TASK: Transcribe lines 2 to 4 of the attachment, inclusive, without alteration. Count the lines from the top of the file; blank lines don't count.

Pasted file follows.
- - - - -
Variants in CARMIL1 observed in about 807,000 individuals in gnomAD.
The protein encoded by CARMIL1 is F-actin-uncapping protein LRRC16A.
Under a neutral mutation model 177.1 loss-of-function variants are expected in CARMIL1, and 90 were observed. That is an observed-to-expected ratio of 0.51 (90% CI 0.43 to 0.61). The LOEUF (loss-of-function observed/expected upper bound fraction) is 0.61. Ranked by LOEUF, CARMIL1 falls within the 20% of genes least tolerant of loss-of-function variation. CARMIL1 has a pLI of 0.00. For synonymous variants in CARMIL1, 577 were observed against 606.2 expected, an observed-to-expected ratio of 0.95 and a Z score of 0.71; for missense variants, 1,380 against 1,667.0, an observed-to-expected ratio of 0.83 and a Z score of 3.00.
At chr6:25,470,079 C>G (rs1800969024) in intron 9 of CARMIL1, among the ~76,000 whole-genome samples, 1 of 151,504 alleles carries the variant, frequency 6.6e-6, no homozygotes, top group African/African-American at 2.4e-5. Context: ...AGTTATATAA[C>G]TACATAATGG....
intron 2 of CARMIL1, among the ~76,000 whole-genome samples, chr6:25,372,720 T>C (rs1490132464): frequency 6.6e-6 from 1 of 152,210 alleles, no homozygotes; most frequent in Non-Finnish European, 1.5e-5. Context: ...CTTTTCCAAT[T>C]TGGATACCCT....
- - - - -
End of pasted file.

The protein encoded by CARMIL1 is F-actin-uncapping protein LRRC16A.
Under a neutral mutation model 177.1 loss-of-function variants are expected in CARMIL1, and 90 were observed. That is an observed-to-expected ratio of 0.51 (90% CI 0.43 to 0.61). The LOEUF (loss-of-function observed/expected upper bound fraction) is 0.61. Ranked by LOEUF, CARMIL1 falls within the 20% of genes least tolerant of loss-of-function variation. CARMIL1 has a pLI of 0.00. For synonymous variants in CARMIL1, 577 were observed against 606.2 expected, an observed-to-expected ratio of 0.95 and a Z score of 0.71; for missense variants, 1,380 against 1,667.0, an observed-to-expected ratio of 0.83 and a Z score of 3.00.
At chr6:25,470,079 C>G (rs1800969024) in intron 9 of CARMIL1, among the ~76,000 whole-genome samples, 1 of 151,504 alleles carries the variant, frequency 6.6e-6, no homozygotes, top group African/African-American at 2.4e-5. Context: ...AGTTATATAA[C>G]TACATAATGG....